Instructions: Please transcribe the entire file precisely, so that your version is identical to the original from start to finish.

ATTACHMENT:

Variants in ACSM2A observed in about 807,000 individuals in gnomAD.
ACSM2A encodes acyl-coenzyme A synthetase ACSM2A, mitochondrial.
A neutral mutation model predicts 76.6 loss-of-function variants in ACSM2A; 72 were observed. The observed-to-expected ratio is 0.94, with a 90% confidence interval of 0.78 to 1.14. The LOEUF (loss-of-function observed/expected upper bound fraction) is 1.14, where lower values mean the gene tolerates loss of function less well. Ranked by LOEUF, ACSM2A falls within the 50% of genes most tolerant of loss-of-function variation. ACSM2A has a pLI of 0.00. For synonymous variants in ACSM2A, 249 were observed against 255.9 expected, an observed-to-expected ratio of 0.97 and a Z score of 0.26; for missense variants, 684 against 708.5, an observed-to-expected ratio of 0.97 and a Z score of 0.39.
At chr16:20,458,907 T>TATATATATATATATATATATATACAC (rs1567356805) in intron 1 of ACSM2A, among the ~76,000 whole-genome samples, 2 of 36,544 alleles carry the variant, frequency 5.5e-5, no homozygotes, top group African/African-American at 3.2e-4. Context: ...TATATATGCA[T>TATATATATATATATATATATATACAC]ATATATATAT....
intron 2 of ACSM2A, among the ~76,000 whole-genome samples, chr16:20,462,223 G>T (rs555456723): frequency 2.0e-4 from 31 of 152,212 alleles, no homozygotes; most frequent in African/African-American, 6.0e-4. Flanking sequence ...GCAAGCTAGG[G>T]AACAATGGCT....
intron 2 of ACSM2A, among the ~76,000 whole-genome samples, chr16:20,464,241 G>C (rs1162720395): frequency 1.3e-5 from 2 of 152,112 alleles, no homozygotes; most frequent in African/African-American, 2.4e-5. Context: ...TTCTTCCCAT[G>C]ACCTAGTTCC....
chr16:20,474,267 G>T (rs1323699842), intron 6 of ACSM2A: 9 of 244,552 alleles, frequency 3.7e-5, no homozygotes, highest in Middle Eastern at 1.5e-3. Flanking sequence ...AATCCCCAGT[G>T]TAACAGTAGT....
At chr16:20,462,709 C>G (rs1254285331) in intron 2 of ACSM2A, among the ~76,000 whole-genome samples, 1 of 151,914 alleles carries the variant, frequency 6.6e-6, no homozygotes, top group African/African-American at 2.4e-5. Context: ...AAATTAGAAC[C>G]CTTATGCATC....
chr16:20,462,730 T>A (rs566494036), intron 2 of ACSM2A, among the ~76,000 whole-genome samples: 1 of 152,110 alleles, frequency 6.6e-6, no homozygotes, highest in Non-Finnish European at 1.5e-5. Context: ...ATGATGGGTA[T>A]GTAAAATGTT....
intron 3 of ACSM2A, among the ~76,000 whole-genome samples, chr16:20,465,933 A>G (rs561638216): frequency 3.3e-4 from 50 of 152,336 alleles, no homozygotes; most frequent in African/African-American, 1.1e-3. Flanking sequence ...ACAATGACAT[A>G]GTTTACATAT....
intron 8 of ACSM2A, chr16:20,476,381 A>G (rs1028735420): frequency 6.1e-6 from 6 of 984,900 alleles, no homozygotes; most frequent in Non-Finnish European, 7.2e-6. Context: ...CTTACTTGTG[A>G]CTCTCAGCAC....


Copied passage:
Variants in ACSM2A observed in about 807,000 individuals in gnomAD.
ACSM2A encodes acyl-coenzyme A synthetase ACSM2A, mitochondrial.
A neutral mutation model predicts 76.6 loss-of-function variants in ACSM2A; 72 were observed. The observed-to-expected ratio is 0.94, with a 90% confidence interval of 0.78 to 1.14. The LOEUF (loss-of-function observed/expected upper bound fraction) is 1.14, where lower values mean the gene tolerates loss of function less well. Ranked by LOEUF, ACSM2A falls within the 50% of genes most tolerant of loss-of-function variation. ACSM2A has a pLI of 0.00. For synonymous variants in ACSM2A, 249 were observed against 255.9 expected, an observed-to-expected ratio of 0.97 and a Z score of 0.26; for missense variants, 684 against 708.5, an observed-to-expected ratio of 0.97 and a Z score of 0.39.
At chr16:20,458,907 T>TATATATATATATATATATATATACAC (rs1567356805) in intron 1 of ACSM2A, among the ~76,000 whole-genome samples, 2 of 36,544 alleles carry the variant, frequency 5.5e-5, no homozygotes, top group African/African-American at 3.2e-4. Context: ...TATATATGCA[T>TATATATATATATATATATATATACAC]ATATATATAT....
intron 2 of ACSM2A, among the ~76,000 whole-genome samples, chr16:20,462,223 G>T (rs555456723): frequency 2.0e-4 from 31 of 152,212 alleles, no homozygotes; most frequent in African/African-American, 6.0e-4. Flanking sequence ...GCAAGCTAGG[G>T]AACAATGGCT....
intron 2 of ACSM2A, among the ~76,000 whole-genome samples, chr16:20,464,241 G>C (rs1162720395): frequency 1.3e-5 from 2 of 152,112 alleles, no homozygotes; most frequent in African/African-American, 2.4e-5. Context: ...TTCTTCCCAT[G>C]ACCTAGTTCC....
chr16:20,474,267 G>T (rs1323699842), intron 6 of ACSM2A: 9 of 244,552 alleles, frequency 3.7e-5, no homozygotes, highest in Middle Eastern at 1.5e-3. Flanking sequence ...AATCCCCAGT[G>T]TAACAGTAGT....
At chr16:20,462,709 C>G (rs1254285331) in intron 2 of ACSM2A, among the ~76,000 whole-genome samples, 1 of 151,914 alleles carries the variant, frequency 6.6e-6, no homozygotes, top group African/African-American at 2.4e-5. Context: ...AAATTAGAAC[C>G]CTTATGCATC....
chr16:20,462,730 T>A (rs566494036), intron 2 of ACSM2A, among the ~76,000 whole-genome samples: 1 of 152,110 alleles, frequency 6.6e-6, no homozygotes, highest in Non-Finnish European at 1.5e-5. Context: ...ATGATGGGTA[T>A]GTAAAATGTT....
intron 3 of ACSM2A, among the ~76,000 whole-genome samples, chr16:20,465,933 A>G (rs561638216): frequency 3.3e-4 from 50 of 152,336 alleles, no homozygotes; most frequent in African/African-American, 1.1e-3. Flanking sequence ...ACAATGACAT[A>G]GTTTACATAT....
intron 8 of ACSM2A, chr16:20,476,381 A>G (rs1028735420): frequency 6.1e-6 from 6 of 984,900 alleles, no homozygotes; most frequent in Non-Finnish European, 7.2e-6. Context: ...CTTACTTGTG[A>G]CTCTCAGCAC....